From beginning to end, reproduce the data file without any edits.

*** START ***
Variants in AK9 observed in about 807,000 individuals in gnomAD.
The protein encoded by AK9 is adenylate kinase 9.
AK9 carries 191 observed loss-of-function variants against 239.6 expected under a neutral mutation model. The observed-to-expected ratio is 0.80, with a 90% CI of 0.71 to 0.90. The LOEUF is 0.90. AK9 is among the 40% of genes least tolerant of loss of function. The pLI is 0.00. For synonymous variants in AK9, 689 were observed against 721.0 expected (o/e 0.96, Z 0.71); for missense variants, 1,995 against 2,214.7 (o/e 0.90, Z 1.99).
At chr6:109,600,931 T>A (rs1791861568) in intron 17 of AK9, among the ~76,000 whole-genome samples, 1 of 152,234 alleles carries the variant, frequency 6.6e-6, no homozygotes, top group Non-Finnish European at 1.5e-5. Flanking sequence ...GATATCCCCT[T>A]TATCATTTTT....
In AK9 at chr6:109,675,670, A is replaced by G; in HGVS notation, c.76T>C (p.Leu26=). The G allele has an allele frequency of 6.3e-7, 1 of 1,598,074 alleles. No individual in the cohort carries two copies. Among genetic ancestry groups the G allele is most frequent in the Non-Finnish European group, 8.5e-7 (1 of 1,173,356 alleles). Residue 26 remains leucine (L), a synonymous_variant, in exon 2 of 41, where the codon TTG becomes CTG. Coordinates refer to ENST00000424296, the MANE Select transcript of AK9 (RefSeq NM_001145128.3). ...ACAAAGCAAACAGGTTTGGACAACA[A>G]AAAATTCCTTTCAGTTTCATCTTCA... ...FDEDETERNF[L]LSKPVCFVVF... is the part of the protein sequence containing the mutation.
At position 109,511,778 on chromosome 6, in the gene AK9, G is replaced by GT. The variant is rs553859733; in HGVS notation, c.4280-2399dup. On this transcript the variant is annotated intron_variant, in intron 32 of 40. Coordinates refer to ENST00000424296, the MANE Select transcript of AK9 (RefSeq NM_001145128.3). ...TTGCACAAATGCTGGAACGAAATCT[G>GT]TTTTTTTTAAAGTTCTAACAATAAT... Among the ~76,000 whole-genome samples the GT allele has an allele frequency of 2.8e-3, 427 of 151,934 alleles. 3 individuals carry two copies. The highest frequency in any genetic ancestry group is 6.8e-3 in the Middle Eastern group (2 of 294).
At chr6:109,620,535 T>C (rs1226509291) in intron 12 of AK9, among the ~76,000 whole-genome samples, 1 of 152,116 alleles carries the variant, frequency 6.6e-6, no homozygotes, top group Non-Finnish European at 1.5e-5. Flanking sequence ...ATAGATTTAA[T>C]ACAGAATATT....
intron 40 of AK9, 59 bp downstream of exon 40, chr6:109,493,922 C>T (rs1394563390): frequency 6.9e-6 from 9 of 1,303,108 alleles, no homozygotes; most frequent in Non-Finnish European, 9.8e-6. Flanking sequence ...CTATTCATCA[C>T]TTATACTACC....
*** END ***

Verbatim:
Variants in AK9 observed in about 807,000 individuals in gnomAD.
The protein encoded by AK9 is adenylate kinase 9.
AK9 carries 191 observed loss-of-function variants against 239.6 expected under a neutral mutation model. The observed-to-expected ratio is 0.80, with a 90% CI of 0.71 to 0.90. The LOEUF is 0.90. AK9 is among the 40% of genes least tolerant of loss of function. The pLI is 0.00. For synonymous variants in AK9, 689 were observed against 721.0 expected (o/e 0.96, Z 0.71); for missense variants, 1,995 against 2,214.7 (o/e 0.90, Z 1.99).
At chr6:109,600,931 T>A (rs1791861568) in intron 17 of AK9, among the ~76,000 whole-genome samples, 1 of 152,234 alleles carries the variant, frequency 6.6e-6, no homozygotes, top group Non-Finnish European at 1.5e-5. Flanking sequence ...GATATCCCCT[T>A]TATCATTTTT....
In AK9 at chr6:109,675,670, A is replaced by G; in HGVS notation, c.76T>C (p.Leu26=). The G allele has an allele frequency of 6.3e-7, 1 of 1,598,074 alleles. No individual in the cohort carries two copies. Among genetic ancestry groups the G allele is most frequent in the Non-Finnish European group, 8.5e-7 (1 of 1,173,356 alleles). Residue 26 remains leucine (L), a synonymous_variant, in exon 2 of 41, where the codon TTG becomes CTG. Coordinates refer to ENST00000424296, the MANE Select transcript of AK9 (RefSeq NM_001145128.3). ...ACAAAGCAAACAGGTTTGGACAACA[A>G]AAAATTCCTTTCAGTTTCATCTTCA... ...FDEDETERNF[L]LSKPVCFVVF... is the part of the protein sequence containing the mutation.
At position 109,511,778 on chromosome 6, in the gene AK9, G is replaced by GT. The variant is rs553859733; in HGVS notation, c.4280-2399dup. On this transcript the variant is annotated intron_variant, in intron 32 of 40. Coordinates refer to ENST00000424296, the MANE Select transcript of AK9 (RefSeq NM_001145128.3). ...TTGCACAAATGCTGGAACGAAATCT[G>GT]TTTTTTTTAAAGTTCTAACAATAAT... Among the ~76,000 whole-genome samples the GT allele has an allele frequency of 2.8e-3, 427 of 151,934 alleles. 3 individuals carry two copies. The highest frequency in any genetic ancestry group is 6.8e-3 in the Middle Eastern group (2 of 294).
At chr6:109,620,535 T>C (rs1226509291) in intron 12 of AK9, among the ~76,000 whole-genome samples, 1 of 152,116 alleles carries the variant, frequency 6.6e-6, no homozygotes, top group Non-Finnish European at 1.5e-5. Flanking sequence ...ATAGATTTAA[T>C]ACAGAATATT....
intron 40 of AK9, 59 bp downstream of exon 40, chr6:109,493,922 C>T (rs1394563390): frequency 6.9e-6 from 9 of 1,303,108 alleles, no homozygotes; most frequent in Non-Finnish European, 9.8e-6. Flanking sequence ...CTATTCATCA[C>T]TTATACTACC....